Christian Position, Service, Worship

John 11‑12  •  7 min. read  •  grade level: 6
John 11
The memories of Bethany cannot fail to touch a chord in the heart of everyone who loves the Lord Jesus. We naturally find pleasure in lingering over any spot that was dear to one we love-how much more when that One is the Lord Jesus Christ, the One to whom we owe everything. We love to think of anything associated with His blessed name; but what makes Bethany particularly interesting is that He seemed to find in the society of that little company a resting place in His toilsome path. How sweet to think that He who "endured such contradiction of sinners against Himself," such hatred and antagonism from man, had one little spot where He could find those who, although they knew but little, were truly attached to Himself.
The result of such intercourse is seen in the confidence of love which that message of Martha and Mary reveals: "Lord, behold, he whom Thou lovest is sick." They knew He loved their brother as well as they, and it is not their love but His love that is uppermost in their minds. It is to this spot that Jesus turns on His last journey to Jerusalem. "There they made Him a supper." There is no formal invitation, as with Simon the Pharisee; none was needed, for there was the ease, and as we have said, the confidence of known love. What a supper it was! Who was there? The Son of God-"God... manifest in flesh." Who was around Him? A company of poor sinners, attracted by perfect grace, and for whom He-the Son of man-was soon to lay down His life.
There is significance in the way the Bethany family is introduced. Jesus came to Bethany, "where Lazarus was which had been dead."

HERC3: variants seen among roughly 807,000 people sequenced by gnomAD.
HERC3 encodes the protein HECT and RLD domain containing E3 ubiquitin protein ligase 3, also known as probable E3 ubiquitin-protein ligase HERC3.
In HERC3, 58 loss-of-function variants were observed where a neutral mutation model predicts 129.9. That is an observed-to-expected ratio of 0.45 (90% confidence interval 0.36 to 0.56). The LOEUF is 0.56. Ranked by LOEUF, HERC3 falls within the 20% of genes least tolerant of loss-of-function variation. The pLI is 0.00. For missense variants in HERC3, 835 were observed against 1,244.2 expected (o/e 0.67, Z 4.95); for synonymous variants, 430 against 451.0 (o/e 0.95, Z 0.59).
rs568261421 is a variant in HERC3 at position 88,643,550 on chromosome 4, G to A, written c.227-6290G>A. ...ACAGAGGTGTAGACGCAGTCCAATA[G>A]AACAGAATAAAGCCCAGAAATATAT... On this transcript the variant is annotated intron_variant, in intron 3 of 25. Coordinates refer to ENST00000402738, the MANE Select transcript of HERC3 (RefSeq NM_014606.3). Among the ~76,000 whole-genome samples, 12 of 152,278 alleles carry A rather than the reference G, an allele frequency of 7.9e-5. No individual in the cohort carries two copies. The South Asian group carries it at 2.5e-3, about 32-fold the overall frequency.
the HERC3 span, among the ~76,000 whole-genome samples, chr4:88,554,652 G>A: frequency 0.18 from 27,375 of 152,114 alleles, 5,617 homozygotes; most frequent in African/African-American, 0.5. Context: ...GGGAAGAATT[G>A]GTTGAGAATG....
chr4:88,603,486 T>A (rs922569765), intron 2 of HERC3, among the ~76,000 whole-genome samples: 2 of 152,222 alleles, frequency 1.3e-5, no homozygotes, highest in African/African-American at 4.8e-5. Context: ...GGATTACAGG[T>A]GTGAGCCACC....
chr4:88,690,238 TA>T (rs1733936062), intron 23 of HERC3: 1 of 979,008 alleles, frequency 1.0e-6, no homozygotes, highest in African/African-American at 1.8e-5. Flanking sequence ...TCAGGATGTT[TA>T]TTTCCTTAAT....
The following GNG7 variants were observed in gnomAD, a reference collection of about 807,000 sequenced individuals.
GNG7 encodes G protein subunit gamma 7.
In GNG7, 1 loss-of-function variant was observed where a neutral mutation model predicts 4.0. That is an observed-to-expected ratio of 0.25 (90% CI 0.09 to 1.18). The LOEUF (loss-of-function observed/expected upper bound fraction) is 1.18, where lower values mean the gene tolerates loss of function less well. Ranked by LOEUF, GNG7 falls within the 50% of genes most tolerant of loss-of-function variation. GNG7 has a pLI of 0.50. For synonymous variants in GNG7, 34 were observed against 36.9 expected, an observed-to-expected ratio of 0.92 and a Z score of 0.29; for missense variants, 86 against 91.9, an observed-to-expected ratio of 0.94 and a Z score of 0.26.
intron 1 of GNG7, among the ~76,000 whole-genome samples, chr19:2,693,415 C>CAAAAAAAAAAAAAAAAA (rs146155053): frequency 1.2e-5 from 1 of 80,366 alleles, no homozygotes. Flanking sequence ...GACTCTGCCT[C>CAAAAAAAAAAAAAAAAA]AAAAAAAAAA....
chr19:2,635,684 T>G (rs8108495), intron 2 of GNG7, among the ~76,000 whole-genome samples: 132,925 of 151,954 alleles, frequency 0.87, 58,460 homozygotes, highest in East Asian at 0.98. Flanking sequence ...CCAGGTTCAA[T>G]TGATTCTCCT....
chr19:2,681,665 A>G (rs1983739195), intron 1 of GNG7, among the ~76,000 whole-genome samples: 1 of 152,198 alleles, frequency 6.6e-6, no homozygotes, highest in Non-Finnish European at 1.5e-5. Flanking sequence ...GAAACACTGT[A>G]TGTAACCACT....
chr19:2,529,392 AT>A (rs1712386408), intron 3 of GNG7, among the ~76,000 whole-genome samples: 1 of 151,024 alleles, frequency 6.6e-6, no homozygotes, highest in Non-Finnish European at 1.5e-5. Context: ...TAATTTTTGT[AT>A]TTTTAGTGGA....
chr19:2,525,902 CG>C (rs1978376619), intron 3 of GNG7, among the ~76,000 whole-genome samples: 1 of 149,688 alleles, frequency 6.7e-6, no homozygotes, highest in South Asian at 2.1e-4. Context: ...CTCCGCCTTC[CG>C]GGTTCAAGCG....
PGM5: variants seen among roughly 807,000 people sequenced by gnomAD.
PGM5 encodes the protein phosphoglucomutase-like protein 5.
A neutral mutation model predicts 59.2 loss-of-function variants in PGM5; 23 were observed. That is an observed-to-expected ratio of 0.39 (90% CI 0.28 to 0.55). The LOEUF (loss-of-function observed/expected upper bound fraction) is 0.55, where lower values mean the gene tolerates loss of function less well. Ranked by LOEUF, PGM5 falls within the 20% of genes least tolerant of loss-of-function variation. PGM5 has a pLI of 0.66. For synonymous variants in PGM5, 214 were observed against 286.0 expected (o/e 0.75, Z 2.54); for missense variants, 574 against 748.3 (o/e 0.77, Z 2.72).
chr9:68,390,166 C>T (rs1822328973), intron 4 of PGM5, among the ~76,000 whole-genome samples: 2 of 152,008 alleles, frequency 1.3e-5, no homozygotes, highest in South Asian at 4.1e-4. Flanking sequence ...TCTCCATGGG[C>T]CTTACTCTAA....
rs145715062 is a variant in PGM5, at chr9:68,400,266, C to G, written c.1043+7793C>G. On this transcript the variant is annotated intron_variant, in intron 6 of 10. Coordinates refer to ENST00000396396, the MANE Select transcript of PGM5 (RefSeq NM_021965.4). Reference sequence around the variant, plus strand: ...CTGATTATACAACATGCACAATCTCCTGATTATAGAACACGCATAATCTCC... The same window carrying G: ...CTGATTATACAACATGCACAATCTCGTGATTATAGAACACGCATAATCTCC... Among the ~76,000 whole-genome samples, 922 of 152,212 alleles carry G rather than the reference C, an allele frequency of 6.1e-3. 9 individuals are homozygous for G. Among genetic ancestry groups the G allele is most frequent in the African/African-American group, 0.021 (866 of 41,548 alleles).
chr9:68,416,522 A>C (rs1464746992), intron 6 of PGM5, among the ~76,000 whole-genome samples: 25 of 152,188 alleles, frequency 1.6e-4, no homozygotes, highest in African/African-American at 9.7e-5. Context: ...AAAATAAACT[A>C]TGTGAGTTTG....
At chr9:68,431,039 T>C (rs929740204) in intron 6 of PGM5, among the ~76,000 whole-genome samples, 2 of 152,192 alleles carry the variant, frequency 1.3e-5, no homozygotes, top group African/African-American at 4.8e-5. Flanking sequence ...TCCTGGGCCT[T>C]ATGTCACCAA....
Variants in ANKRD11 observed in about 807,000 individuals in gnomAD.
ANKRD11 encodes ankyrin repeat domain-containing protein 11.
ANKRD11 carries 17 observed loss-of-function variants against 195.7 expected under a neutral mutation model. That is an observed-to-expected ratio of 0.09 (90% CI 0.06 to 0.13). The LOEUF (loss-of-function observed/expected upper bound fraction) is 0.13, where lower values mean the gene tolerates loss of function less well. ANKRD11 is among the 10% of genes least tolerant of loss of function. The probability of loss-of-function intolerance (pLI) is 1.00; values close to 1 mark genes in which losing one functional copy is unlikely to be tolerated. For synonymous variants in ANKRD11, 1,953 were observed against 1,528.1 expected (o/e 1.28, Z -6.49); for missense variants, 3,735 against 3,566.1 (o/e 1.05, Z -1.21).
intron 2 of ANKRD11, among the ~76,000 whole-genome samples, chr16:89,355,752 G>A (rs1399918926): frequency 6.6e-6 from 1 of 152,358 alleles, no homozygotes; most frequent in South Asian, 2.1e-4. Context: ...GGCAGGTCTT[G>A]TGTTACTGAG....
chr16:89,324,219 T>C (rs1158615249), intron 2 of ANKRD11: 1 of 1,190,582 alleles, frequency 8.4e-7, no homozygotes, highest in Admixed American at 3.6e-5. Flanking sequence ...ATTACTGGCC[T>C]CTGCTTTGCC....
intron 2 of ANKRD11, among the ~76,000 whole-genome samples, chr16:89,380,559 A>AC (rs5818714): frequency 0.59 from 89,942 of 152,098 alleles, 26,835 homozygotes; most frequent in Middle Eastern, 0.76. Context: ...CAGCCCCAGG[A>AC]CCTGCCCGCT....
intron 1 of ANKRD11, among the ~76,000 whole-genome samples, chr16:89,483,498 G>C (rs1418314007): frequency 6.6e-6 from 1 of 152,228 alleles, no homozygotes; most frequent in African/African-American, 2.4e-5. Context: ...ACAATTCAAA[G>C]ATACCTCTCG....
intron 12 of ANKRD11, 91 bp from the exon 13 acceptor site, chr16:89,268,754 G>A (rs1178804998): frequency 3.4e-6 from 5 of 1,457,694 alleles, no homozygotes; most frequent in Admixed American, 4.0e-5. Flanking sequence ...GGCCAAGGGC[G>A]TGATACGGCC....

"Martha served," and Mary took "a pound of ointment of spikenard, very costly, and anointed the feet of Jesus, and wiped His feet with her hair." In this we have an illustration of Christian position, service and worship.
Lazarus had been dead, but now alive from the dead, he is seated in company with Jesus; so with the believer. He is alive from the dead, and that in the power of an endless life. We cannot be too clear as to this. Weakness and a troubled conscience is the result of imperfectly apprehending it. If we look to ourselves, we find failure to the very end; if we look to God's side, we find nothing but perfection. Christ is our life. The Father "hath made us meet to be partakers of the inheritance of the saints in light: who hath delivered us from the power of darkness, and bath translated us into the kingdom of His dear Son." Col. 1:12, 1312Giving thanks unto the Father, which hath made us meet to be partakers of the inheritance of the saints in light: 13Who hath delivered us from the power of darkness, and hath translated us into the kingdom of his dear Son: (Colossians 1:12‑13). "And hath raised us up together, and made us sit together in heavenly places in Christ Jesus." Eph. 2:66And hath raised us up together, and made us sit together in heavenly places in Christ Jesus: (Ephesians 2:6). "If any man be in Christ, he is a new creature: old things are passed away; behold, all things are become new. And all things are of God." 2 Cor. 5:17, 1817Therefore if any man be in Christ, he is a new creature: old things are passed away; behold, all things are become new. 18And all things are of God, who hath reconciled us to himself by Jesus Christ, and hath given to us the ministry of reconciliation; (2 Corinthians 5:17‑18).